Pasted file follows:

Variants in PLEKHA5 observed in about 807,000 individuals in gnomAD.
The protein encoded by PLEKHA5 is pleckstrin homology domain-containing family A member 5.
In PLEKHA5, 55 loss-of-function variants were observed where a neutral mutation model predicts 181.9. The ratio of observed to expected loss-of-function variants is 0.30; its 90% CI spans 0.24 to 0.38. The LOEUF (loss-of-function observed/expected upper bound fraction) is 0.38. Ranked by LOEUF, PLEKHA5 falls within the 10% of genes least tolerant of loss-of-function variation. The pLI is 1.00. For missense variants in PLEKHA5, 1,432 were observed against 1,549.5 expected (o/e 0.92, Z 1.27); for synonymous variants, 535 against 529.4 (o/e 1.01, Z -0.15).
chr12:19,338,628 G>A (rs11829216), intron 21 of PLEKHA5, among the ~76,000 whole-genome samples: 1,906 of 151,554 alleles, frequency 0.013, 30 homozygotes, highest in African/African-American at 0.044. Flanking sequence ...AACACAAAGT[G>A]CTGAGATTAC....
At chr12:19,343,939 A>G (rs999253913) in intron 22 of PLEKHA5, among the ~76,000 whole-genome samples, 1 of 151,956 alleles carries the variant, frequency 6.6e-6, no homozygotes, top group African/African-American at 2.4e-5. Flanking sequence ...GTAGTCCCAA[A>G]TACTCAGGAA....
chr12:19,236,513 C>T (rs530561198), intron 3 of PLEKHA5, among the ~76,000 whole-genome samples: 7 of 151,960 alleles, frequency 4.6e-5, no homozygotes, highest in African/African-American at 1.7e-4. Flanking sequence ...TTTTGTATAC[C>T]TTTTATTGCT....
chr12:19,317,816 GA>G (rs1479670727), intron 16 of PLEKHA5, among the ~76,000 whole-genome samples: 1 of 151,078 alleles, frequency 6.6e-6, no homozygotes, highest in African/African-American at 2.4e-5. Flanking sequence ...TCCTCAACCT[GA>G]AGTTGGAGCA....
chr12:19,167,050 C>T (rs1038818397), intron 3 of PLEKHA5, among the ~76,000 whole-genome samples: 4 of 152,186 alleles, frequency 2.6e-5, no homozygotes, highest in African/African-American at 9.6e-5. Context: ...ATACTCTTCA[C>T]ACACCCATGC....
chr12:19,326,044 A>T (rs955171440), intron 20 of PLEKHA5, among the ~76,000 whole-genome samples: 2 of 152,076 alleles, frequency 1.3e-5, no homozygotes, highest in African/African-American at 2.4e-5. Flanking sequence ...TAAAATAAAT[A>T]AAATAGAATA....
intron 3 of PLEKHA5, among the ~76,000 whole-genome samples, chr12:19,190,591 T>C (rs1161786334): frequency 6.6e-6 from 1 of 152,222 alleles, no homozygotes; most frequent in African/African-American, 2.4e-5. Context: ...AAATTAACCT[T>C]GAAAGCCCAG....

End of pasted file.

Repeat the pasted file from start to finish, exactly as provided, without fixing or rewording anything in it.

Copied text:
Variants in PLEKHA5 observed in about 807,000 individuals in gnomAD.
The protein encoded by PLEKHA5 is pleckstrin homology domain-containing family A member 5.
In PLEKHA5, 55 loss-of-function variants were observed where a neutral mutation model predicts 181.9. The ratio of observed to expected loss-of-function variants is 0.30; its 90% CI spans 0.24 to 0.38. The LOEUF (loss-of-function observed/expected upper bound fraction) is 0.38. Ranked by LOEUF, PLEKHA5 falls within the 10% of genes least tolerant of loss-of-function variation. The pLI is 1.00. For missense variants in PLEKHA5, 1,432 were observed against 1,549.5 expected (o/e 0.92, Z 1.27); for synonymous variants, 535 against 529.4 (o/e 1.01, Z -0.15).
chr12:19,338,628 G>A (rs11829216), intron 21 of PLEKHA5, among the ~76,000 whole-genome samples: 1,906 of 151,554 alleles, frequency 0.013, 30 homozygotes, highest in African/African-American at 0.044. Flanking sequence ...AACACAAAGT[G>A]CTGAGATTAC....
At chr12:19,343,939 A>G (rs999253913) in intron 22 of PLEKHA5, among the ~76,000 whole-genome samples, 1 of 151,956 alleles carries the variant, frequency 6.6e-6, no homozygotes, top group African/African-American at 2.4e-5. Flanking sequence ...GTAGTCCCAA[A>G]TACTCAGGAA....
chr12:19,236,513 C>T (rs530561198), intron 3 of PLEKHA5, among the ~76,000 whole-genome samples: 7 of 151,960 alleles, frequency 4.6e-5, no homozygotes, highest in African/African-American at 1.7e-4. Flanking sequence ...TTTTGTATAC[C>T]TTTTATTGCT....
chr12:19,317,816 GA>G (rs1479670727), intron 16 of PLEKHA5, among the ~76,000 whole-genome samples: 1 of 151,078 alleles, frequency 6.6e-6, no homozygotes, highest in African/African-American at 2.4e-5. Flanking sequence ...TCCTCAACCT[GA>G]AGTTGGAGCA....
chr12:19,167,050 C>T (rs1038818397), intron 3 of PLEKHA5, among the ~76,000 whole-genome samples: 4 of 152,186 alleles, frequency 2.6e-5, no homozygotes, highest in African/African-American at 9.6e-5. Context: ...ATACTCTTCA[C>T]ACACCCATGC....
chr12:19,326,044 A>T (rs955171440), intron 20 of PLEKHA5, among the ~76,000 whole-genome samples: 2 of 152,076 alleles, frequency 1.3e-5, no homozygotes, highest in African/African-American at 2.4e-5. Flanking sequence ...TAAAATAAAT[A>T]AAATAGAATA....
intron 3 of PLEKHA5, among the ~76,000 whole-genome samples, chr12:19,190,591 T>C (rs1161786334): frequency 6.6e-6 from 1 of 152,222 alleles, no homozygotes; most frequent in African/African-American, 2.4e-5. Context: ...AAATTAACCT[T>C]GAAAGCCCAG....